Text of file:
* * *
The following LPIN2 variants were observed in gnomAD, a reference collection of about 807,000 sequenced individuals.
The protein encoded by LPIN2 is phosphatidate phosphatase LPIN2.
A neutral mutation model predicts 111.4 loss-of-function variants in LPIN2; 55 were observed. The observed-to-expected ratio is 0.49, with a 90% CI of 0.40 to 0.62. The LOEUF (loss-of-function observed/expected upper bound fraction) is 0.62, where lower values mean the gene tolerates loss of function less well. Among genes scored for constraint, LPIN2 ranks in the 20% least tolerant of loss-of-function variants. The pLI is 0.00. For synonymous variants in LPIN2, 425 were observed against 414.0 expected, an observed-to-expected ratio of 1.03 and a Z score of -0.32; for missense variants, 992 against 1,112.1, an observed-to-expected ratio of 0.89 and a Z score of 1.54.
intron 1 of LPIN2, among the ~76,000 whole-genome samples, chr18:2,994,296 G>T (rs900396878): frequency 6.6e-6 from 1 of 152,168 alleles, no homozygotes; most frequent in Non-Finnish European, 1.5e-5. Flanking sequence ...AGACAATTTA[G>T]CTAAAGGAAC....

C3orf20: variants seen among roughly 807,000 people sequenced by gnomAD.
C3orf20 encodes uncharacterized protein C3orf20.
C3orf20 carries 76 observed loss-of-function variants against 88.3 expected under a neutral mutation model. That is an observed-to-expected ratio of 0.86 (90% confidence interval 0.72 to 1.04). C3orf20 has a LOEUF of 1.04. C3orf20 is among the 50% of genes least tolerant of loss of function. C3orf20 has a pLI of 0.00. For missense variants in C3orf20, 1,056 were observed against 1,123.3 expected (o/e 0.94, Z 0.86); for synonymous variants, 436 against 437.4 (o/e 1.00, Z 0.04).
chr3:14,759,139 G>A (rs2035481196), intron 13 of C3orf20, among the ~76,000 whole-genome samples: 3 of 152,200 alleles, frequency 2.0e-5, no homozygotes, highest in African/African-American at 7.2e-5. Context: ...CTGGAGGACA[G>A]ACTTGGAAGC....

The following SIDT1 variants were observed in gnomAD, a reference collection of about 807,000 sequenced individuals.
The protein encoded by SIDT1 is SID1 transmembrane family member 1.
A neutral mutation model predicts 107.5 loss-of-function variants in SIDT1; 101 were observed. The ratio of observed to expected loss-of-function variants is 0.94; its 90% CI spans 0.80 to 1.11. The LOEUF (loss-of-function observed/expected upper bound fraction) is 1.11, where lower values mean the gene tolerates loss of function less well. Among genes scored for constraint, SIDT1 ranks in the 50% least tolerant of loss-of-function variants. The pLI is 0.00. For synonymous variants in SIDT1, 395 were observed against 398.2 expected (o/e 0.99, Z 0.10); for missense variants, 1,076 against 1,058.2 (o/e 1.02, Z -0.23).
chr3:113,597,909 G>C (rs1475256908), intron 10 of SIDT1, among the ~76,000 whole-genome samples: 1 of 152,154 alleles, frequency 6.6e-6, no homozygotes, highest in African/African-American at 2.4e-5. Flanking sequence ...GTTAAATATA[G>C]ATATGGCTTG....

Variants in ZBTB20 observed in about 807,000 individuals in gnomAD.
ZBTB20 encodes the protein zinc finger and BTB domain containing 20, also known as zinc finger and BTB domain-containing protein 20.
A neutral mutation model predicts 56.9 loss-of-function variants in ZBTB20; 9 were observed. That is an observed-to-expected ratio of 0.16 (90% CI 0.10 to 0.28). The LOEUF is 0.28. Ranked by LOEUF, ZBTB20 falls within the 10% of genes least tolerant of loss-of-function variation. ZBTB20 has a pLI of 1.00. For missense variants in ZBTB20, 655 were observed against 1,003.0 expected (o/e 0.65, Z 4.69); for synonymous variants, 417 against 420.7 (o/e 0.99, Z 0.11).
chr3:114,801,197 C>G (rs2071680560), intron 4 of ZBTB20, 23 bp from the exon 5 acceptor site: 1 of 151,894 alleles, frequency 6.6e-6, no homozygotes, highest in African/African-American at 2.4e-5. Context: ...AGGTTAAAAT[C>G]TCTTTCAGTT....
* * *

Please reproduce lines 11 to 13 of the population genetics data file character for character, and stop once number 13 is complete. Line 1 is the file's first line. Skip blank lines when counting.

A neutral mutation model predicts 107.5 loss-of-function variants in SIDT1; 101 were observed. The ratio of observed to expected loss-of-function variants is 0.94; its 90% CI spans 0.80 to 1.11. The LOEUF (loss-of-function observed/expected upper bound fraction) is 1.11, where lower values mean the gene tolerates loss of function less well. Among genes scored for constraint, SIDT1 ranks in the 50% least tolerant of loss-of-function variants. The pLI is 0.00. For synonymous variants in SIDT1, 395 were observed against 398.2 expected (o/e 0.99, Z 0.10); for missense variants, 1,076 against 1,058.2 (o/e 1.02, Z -0.23).
chr3:113,597,909 G>C (rs1475256908), intron 10 of SIDT1, among the ~76,000 whole-genome samples: 1 of 152,154 alleles, frequency 6.6e-6, no homozygotes, highest in African/African-American at 2.4e-5. Flanking sequence ...GTTAAATATA[G>C]ATATGGCTTG....

Variants in ZBTB20 observed in about 807,000 individuals in gnomAD.